Please use this identifier to cite or link to this item: http://ahro.austin.org.au/austinjspui/handle/1/18082
Title: Implementation-The Missing Link in the Research Translation Pipeline: Is It Any Wonder No One Ever Implements Evidence-Based Practice?
Authors: Lynch, Elizabeth A;Chesworth, Brigit M;Connell, Louise A
Affiliation: University of Adelaide, Adelaide, South Australia, Australia
The Florey Institute of Neuroscience and Mental Health, Heidelberg, Victoria, Australia
NHMRC Centre of Research Excellence in Stroke Rehabilitation and Brain Recovery, Parkville, Victoria, Australia
University of Central Lancashire, Preston, UK
Issue Date: 1-May-2018
EDate: 2018-05-01
Citation: Neurorehabilitation and neural repair 2018: 1545968318777844
Abstract: Despite the exponential growth in the evidence base for stroke rehabilitation, there is still a paucity of knowledge about how to consistently and sustainably deliver evidence-based stroke rehabilitation therapies in clinical practice. This means that people with stroke will not consistently benefit from research breakthroughs, simply because clinicians do not always have the skills, authority, knowledge or resources to be able to translate the findings from a research trial and apply these in clinical practice. This "point of view" article by an interdisciplinary, international team illustrates the lack of available evidence to guide the translation of evidence to practice in rehabilitation, by presenting a comprehensive and systematic content analysis of articles that were published in 2016 in leading clinical stroke rehabilitation journals commonly read by clinicians. Our review confirms that only a small fraction (2.5%) of published stroke rehabilitation research in these journals evaluate the implementation of evidence-based interventions into health care practice. We argue that in order for stroke rehabilitation research to contribute to enhanced health and well-being of people with stroke, journals, funders, policy makers, researchers, clinicians, and professional associations alike need to actively support and promote (through funding, conducting, or disseminating) implementation and evaluation research.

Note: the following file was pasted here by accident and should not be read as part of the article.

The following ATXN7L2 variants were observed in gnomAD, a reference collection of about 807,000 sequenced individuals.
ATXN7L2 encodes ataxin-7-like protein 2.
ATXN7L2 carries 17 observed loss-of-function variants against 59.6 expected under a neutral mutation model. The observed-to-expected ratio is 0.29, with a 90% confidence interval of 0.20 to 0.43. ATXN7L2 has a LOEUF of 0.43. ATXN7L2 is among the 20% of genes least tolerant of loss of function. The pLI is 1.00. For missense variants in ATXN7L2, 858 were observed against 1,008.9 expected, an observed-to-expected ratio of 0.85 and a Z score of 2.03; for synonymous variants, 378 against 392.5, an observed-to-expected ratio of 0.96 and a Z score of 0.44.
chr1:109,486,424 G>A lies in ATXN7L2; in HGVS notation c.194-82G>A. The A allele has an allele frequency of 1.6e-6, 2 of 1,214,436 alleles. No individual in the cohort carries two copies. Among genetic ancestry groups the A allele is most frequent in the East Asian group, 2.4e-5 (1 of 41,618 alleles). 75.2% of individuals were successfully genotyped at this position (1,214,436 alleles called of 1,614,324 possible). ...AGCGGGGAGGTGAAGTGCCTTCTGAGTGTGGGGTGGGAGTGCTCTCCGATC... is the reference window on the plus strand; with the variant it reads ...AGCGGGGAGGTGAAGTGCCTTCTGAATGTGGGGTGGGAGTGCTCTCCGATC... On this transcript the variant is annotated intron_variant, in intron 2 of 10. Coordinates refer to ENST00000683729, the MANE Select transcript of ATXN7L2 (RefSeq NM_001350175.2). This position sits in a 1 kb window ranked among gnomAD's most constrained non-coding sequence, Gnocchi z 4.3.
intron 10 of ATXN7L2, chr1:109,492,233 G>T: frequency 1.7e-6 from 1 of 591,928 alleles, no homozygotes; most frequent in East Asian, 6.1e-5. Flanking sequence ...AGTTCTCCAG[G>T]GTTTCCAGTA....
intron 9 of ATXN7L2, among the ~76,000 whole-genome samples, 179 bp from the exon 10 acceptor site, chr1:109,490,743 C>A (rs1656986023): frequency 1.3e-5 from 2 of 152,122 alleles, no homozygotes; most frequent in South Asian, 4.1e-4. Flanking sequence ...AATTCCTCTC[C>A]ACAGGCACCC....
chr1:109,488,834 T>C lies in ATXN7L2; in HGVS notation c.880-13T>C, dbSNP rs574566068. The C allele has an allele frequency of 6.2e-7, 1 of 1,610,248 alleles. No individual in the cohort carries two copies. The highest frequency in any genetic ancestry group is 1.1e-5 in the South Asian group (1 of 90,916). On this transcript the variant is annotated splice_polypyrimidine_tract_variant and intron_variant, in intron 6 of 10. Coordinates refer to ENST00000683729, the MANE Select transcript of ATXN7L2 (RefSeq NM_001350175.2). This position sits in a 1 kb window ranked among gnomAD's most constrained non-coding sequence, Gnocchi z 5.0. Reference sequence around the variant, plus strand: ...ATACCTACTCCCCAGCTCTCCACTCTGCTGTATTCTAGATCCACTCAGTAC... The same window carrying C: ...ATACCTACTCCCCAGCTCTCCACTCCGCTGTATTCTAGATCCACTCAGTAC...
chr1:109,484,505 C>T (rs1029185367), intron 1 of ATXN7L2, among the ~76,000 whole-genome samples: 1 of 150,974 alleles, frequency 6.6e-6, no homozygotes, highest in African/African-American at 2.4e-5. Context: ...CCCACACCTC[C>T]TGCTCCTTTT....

URI: http://ahro.austin.org.au/austinjspui/handle/1/18082
DOI: 10.1177/1545968318777844
ORCID: 0000-0001-8756-1051
0000-0001-7936-5536
0000-0002-0629-2919
PubMed URL: 29848171
Type: Journal Article
Subjects: rehabilitation
stroke
translational medical research
Appears in Collections:Journal articles

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